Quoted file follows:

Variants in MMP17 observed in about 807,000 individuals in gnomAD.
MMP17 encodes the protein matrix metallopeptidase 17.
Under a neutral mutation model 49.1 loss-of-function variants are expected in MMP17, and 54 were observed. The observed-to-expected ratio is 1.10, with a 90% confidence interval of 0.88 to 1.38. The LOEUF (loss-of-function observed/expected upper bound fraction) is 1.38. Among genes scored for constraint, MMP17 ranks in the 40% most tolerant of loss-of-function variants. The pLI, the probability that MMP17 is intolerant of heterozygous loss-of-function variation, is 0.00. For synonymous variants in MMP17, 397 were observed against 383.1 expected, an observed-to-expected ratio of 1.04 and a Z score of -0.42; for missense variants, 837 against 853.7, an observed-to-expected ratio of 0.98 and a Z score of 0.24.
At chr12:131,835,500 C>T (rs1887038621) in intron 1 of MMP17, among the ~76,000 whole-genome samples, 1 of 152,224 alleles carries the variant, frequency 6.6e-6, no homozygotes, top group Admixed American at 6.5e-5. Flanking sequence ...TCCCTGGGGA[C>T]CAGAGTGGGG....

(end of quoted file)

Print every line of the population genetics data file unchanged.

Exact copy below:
Variants in MMP17 observed in about 807,000 individuals in gnomAD.
MMP17 encodes the protein matrix metallopeptidase 17.
Under a neutral mutation model 49.1 loss-of-function variants are expected in MMP17, and 54 were observed. The observed-to-expected ratio is 1.10, with a 90% confidence interval of 0.88 to 1.38. The LOEUF (loss-of-function observed/expected upper bound fraction) is 1.38. Among genes scored for constraint, MMP17 ranks in the 40% most tolerant of loss-of-function variants. The pLI, the probability that MMP17 is intolerant of heterozygous loss-of-function variation, is 0.00. For synonymous variants in MMP17, 397 were observed against 383.1 expected, an observed-to-expected ratio of 1.04 and a Z score of -0.42; for missense variants, 837 against 853.7, an observed-to-expected ratio of 0.98 and a Z score of 0.24.
At chr12:131,835,500 C>T (rs1887038621) in intron 1 of MMP17, among the ~76,000 whole-genome samples, 1 of 152,224 alleles carries the variant, frequency 6.6e-6, no homozygotes, top group Admixed American at 6.5e-5. Flanking sequence ...TCCCTGGGGA[C>T]CAGAGTGGGG....